A Simple (But Detailed) Guide

Different Types of Evaluation in Social Work Practice


The Best Tools and Methods of Evaluation in Social Work for All Social Workers

How do you know that a client intervention is working? When should you change tactics with a social program because it’s not having the desired impact?

Monitoring and evaluation in social work is a vital function. It enables you, as a social worker, to continually optimize care delivery and it helps social organizations and government agencies to improve programs, so they have the maximum positive impact.

There are different types of evaluation in social work that you need to know about, which are all reviewed in this guide. The different types of evaluation involve those at the individual level, at the social worker practice level, and the social work program level.

evaluation in social work

Social Work Performance Evaluation Examples

Evaluation tools in social work help ensure that methods of therapy and assistance evolve with each generation. Program evaluation for social workers can also help ensure funding for a necessary program by showing the benefits being provided.

In this AGS article, we’ll review several social work performance evaluation examples, using different evaluation methods in social work. We start with answering the question, “What is evaluation in social work?” and then will cover these three evaluation levels:

  • Client Evaluation
  • Social Worker Practice Evaluation
  • Social Work Program Evaluation

Table of Contents

Keep on scrolling down this page to read each section, or click any link below to go directly to that section.

  1. What Is Evaluation in Social Work? What do You Really Need to Know?
  2. The True Importance of Evaluation in Social Work
  3. Overview: Evaluation Methods in Social Work
  4. Looking for Social Worker Tools to Standardize Social Work Evaluation & Assessment?
  5. Client Social Worker Evaluation & Examples
  6. Free Evaluation in Social Work PDF
  7. Evaluating Your Approach with Clients (Evaluation of Social Work Practices)
  8. Program Evaluation in Social Work (3rd Level of Evaluation in Social Work)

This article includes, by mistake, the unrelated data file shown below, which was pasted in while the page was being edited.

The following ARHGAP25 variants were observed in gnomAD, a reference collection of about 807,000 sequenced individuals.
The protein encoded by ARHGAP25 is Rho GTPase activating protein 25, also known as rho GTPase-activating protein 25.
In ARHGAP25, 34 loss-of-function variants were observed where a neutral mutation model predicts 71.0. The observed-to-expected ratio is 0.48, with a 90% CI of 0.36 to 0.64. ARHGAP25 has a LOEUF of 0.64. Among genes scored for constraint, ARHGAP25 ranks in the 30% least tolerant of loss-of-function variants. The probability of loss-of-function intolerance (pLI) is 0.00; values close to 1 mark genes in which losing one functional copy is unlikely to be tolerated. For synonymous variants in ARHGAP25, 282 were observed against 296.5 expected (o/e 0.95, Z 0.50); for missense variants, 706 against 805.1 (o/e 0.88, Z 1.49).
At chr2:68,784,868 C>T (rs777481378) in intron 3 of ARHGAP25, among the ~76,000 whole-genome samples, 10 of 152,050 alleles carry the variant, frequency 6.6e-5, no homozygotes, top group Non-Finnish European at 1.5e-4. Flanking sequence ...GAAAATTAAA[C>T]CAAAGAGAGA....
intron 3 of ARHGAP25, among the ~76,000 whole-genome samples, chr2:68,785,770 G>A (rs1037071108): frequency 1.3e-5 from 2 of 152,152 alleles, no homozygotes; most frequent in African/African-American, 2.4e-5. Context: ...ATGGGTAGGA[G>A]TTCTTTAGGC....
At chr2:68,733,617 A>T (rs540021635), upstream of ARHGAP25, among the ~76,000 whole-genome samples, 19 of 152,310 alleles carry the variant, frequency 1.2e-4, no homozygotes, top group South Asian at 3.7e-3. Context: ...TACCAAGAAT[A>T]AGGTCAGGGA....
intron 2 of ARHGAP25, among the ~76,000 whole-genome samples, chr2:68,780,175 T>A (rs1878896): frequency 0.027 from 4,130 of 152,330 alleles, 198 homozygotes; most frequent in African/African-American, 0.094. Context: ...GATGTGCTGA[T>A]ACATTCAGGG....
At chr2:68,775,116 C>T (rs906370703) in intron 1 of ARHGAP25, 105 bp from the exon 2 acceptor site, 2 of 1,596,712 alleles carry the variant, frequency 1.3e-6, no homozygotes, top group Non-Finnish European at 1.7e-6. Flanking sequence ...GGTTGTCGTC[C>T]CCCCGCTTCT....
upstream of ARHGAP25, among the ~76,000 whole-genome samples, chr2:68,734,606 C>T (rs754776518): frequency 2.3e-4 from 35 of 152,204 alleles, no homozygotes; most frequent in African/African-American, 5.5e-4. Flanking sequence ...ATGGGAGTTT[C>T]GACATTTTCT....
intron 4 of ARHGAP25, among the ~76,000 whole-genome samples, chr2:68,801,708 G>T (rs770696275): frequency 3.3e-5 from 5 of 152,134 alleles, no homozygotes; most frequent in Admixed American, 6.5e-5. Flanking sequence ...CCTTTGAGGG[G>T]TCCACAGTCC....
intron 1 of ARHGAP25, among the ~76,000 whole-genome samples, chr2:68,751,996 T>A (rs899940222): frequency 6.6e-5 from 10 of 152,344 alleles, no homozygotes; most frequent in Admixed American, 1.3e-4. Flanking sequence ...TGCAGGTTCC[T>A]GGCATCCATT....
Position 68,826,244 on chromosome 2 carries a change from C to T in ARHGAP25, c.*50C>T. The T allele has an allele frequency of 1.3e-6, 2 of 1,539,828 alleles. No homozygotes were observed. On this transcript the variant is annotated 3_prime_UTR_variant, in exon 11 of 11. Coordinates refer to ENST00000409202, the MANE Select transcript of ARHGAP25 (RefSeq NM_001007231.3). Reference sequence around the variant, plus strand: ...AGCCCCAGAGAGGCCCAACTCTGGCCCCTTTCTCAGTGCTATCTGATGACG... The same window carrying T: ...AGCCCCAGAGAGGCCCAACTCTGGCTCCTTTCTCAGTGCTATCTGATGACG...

9. Evaluation in Social Work PDF & PPT Downloadable Files
  10. Social Work Evaluation Tools Used by Social Workers
  11. Conclusion | Social Work Evaluations (Types & Methods)
  12. Types of Evaluation in Social Work Practice – Additional FAQs

Social Work Tools & Templates for Social Workers!

 Best Social Worker Toolkits

Best Social Worker Toolkits - Mobile and iPad

Best Social Work Assessment Toolkit

Contact us if you have any questions or feedback about this end-to-end evaluation in social work guide.


What Is Evaluation in Social Work? What do You Really Need to Know?

Social work relies on the delivery of various services to assist an individual, family, group, or community in need. The evaluation process in social work involves using quantitative and qualitative measurements to assess whether the services achieved the desired outcome.

In short, did the intervention help? Did it help in the way it was intended? Did a social work program provide the desired support to a community, or did it fall short?

Without evaluating social work interventions, social workers are in the dark about which types of services are successful, and which aren’t. Likewise, without social work program evaluation, the success or lack of success of a program may be based on subjective views of a few people with no real data to back up a conclusion.

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The True Importance of Evaluation in Social Work

The evaluation social work practitioners conduct provides an important way for them to continually optimize what they do to make their service delivery more effective.

Social work evaluation is a critical tool for improving social work programs and strengthening the communities served through these social services.

On an individual level, psychosocial evaluation and social work self-evaluation examples help a care professional learn more about the needs of a patient or client so they can create more targeted care plans.

Evaluation of social work practice helps everyone, from the client to the social worker to the agency offering social programs by providing the information needed to optimize social work services.

Social Work Assessments & Case Management Tool

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Overview: Evaluation Methods in Social Work

As we noted above, we’ll be explaining methods of evaluation in social work for three different levels – client, social worker practice, and program.